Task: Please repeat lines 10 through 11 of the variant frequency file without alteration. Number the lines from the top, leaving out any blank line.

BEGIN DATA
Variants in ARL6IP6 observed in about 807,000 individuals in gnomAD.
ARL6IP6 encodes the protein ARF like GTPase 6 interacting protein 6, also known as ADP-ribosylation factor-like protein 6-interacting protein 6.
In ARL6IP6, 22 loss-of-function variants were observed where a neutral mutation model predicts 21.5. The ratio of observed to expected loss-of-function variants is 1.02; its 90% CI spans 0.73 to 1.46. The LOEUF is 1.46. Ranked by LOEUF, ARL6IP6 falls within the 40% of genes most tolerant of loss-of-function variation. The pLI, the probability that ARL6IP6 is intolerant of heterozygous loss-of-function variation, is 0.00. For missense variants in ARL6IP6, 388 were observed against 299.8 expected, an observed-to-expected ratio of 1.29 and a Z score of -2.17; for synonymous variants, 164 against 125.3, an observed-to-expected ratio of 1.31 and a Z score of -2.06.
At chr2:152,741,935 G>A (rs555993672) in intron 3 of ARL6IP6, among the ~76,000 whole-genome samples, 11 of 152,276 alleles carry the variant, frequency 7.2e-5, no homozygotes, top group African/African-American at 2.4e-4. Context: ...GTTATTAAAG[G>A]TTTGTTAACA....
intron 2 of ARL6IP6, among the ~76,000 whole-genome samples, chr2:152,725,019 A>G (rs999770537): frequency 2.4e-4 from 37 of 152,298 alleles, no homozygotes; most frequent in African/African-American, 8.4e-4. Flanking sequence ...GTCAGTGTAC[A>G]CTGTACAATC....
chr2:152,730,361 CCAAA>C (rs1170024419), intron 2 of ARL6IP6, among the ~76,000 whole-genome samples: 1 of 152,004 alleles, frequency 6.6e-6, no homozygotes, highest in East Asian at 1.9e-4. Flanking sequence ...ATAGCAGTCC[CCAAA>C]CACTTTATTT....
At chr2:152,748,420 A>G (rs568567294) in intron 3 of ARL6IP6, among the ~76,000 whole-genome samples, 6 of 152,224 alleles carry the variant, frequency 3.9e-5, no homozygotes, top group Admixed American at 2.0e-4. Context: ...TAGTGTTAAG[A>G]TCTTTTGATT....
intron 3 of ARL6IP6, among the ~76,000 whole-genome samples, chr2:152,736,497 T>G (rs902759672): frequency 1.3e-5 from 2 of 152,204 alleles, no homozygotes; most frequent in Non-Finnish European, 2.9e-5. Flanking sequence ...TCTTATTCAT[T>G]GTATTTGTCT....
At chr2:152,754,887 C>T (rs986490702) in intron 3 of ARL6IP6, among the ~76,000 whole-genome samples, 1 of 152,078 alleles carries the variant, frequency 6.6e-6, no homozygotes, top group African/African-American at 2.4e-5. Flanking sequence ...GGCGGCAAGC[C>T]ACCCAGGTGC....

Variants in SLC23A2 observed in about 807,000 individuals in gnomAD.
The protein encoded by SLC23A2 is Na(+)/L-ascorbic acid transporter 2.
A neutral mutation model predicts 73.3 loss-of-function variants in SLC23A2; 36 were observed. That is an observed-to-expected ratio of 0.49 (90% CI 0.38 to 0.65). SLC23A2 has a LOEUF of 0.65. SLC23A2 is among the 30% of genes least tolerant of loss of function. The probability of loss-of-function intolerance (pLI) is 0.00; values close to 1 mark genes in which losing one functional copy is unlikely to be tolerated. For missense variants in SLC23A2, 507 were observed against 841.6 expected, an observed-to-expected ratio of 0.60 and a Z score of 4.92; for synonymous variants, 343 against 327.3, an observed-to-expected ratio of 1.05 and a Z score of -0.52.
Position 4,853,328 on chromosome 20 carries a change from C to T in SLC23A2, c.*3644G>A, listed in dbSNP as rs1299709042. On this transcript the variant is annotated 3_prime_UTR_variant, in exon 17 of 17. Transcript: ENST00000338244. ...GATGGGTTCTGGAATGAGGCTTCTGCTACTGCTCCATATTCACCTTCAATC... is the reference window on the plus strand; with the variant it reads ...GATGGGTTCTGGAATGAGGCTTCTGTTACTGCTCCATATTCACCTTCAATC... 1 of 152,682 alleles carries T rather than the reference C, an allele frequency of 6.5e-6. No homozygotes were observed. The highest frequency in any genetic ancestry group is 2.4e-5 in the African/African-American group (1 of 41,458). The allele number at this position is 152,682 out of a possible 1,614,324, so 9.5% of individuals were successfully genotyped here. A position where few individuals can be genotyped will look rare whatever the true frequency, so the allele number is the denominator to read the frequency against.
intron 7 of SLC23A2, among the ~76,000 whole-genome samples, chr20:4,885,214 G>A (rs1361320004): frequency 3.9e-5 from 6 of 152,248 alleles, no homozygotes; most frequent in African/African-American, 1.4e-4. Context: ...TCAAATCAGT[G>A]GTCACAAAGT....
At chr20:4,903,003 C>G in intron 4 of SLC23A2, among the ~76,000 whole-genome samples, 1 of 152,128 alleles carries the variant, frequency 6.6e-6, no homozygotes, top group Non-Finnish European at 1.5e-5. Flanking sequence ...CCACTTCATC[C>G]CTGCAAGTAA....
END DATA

Variants in SLC23A2 observed in about 807,000 individuals in gnomAD.
The protein encoded by SLC23A2 is Na(+)/L-ascorbic acid transporter 2.